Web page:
The Russian marked the completion of her long road back from shoulder surgery in 2012, completing her Grand Slam set with victory at Roland Garros, briefly recapturing the No.1 ranking and winning a total of three titles from an impressive eight finals.
Strengths: Sharapova’s backcourt power is undeniable – the Russian’s explosive groundstrokes see her frequently rack up more winners than her opponents. What’s more, she has the mental fortitude and concentration to be able to continually hit for the lines, and make her shots. Her serve,sent down from atop her statuesque 188cm-tall frame, is a major weapon, and her ability to grit, grind and will herself to victory, even when not playing her best, makes her one of the game’s most formidable competitors.
Weaknesses: Though her height brings her plenty o fadvantages, movement is not one of them. The Russian works tirelessly in the gym and has commendable footwork, but can look ungainly when pushed and stretched around the court. This is especially the case when she’s yanked forward into the net off a short ball and forced to play a volley – she looks completely at sea. And when Sharapova’s big bombs are missing their mark, there’s no real Plan B.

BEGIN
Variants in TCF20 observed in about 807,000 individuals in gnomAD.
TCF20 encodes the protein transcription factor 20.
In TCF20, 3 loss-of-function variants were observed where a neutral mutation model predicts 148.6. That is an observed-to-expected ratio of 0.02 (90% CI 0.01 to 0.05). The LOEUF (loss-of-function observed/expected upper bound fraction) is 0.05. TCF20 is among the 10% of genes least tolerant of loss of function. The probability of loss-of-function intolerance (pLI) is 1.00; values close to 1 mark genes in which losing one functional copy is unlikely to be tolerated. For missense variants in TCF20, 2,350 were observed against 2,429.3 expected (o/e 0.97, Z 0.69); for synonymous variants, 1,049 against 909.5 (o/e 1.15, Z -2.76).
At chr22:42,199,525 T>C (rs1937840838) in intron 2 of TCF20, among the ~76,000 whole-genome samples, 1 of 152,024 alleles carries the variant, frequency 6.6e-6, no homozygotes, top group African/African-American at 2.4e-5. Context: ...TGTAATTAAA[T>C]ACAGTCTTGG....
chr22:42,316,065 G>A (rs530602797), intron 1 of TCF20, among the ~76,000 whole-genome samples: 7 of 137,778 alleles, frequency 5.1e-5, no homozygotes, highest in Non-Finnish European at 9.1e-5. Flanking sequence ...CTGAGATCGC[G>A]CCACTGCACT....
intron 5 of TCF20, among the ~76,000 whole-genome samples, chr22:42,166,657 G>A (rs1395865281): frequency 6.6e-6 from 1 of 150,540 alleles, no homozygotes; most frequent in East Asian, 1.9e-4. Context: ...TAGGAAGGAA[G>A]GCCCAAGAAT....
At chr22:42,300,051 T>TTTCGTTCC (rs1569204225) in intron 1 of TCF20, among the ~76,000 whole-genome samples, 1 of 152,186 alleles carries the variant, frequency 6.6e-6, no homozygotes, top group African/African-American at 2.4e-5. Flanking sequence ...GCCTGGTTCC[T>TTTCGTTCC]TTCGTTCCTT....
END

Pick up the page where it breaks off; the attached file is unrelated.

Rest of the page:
Opportunities: Few players are more motivated by losses, and in 2012 Sharapova had her fair share of disappointing ones. In addition to straight-set defeats in big finals at Indian Wells, Miami, the Olympics and WTA Championships, there was her shocker against Victoria Azarenka at Melbourne Park, handing her bitter rival her first major crown. The Russian would love nothing more to exact revenge in 2013, and having captured the Australian Open herself in 2008, has proven she has what it takes to win the year’s first major.
Threats: Sharapova did a good job beating who she was expected to beat in 2012. Yet when she came up against fellow big guns Azarenka and Serena Williams – who together with Sharapova scooped the four major prizes last season – she repeatedly fell short, going a collective 2-7 against her fellow top-three rivals. She’ll need to reverse this head-to-head record ASAP if she hopes to contend for the title in Melbourne.
Mary Joe Fernandez, former world No. 4 and tennis analyst:
“I thought Maria played really well at the end of last year … After losing to Vika again and again, she learned from those matches. She turned the tables on Azarenka at the Year-End Championships. Now I think that Maria feels that she can play Vika anytime. In that year-end final, she played her best against Serena, which has always been a bad match up for her. When she won the Australian Open in 2008 she didn’t drop a set. I expect we’ll see that from from her again this year.”